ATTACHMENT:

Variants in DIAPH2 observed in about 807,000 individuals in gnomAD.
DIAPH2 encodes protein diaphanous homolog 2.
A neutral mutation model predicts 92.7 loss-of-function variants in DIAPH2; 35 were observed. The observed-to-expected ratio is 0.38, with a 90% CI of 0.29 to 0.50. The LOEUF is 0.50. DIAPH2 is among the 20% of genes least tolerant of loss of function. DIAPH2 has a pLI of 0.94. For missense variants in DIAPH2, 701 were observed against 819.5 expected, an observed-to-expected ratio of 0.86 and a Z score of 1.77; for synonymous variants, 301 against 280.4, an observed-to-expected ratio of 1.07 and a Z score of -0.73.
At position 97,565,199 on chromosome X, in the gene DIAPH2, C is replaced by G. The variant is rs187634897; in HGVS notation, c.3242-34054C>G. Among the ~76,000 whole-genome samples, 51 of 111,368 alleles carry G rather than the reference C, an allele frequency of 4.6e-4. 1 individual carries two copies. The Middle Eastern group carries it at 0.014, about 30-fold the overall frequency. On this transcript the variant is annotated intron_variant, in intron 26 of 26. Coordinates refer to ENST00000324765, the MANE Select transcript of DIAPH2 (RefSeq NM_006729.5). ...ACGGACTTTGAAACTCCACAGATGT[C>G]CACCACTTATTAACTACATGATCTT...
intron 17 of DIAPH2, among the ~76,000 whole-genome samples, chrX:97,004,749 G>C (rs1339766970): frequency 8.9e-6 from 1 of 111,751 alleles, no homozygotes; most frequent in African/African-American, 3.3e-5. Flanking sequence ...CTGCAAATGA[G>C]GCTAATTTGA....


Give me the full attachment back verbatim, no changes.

Variants in DIAPH2 observed in about 807,000 individuals in gnomAD.
DIAPH2 encodes protein diaphanous homolog 2.
A neutral mutation model predicts 92.7 loss-of-function variants in DIAPH2; 35 were observed. The observed-to-expected ratio is 0.38, with a 90% CI of 0.29 to 0.50. The LOEUF is 0.50. DIAPH2 is among the 20% of genes least tolerant of loss of function. DIAPH2 has a pLI of 0.94. For missense variants in DIAPH2, 701 were observed against 819.5 expected, an observed-to-expected ratio of 0.86 and a Z score of 1.77; for synonymous variants, 301 against 280.4, an observed-to-expected ratio of 1.07 and a Z score of -0.73.
At position 97,565,199 on chromosome X, in the gene DIAPH2, C is replaced by G. The variant is rs187634897; in HGVS notation, c.3242-34054C>G. Among the ~76,000 whole-genome samples, 51 of 111,368 alleles carry G rather than the reference C, an allele frequency of 4.6e-4. 1 individual carries two copies. The Middle Eastern group carries it at 0.014, about 30-fold the overall frequency. On this transcript the variant is annotated intron_variant, in intron 26 of 26. Coordinates refer to ENST00000324765, the MANE Select transcript of DIAPH2 (RefSeq NM_006729.5). ...ACGGACTTTGAAACTCCACAGATGT[C>G]CACCACTTATTAACTACATGATCTT...
intron 17 of DIAPH2, among the ~76,000 whole-genome samples, chrX:97,004,749 G>C (rs1339766970): frequency 8.9e-6 from 1 of 111,751 alleles, no homozygotes; most frequent in African/African-American, 3.3e-5. Flanking sequence ...CTGCAAATGA[G>C]GCTAATTTGA....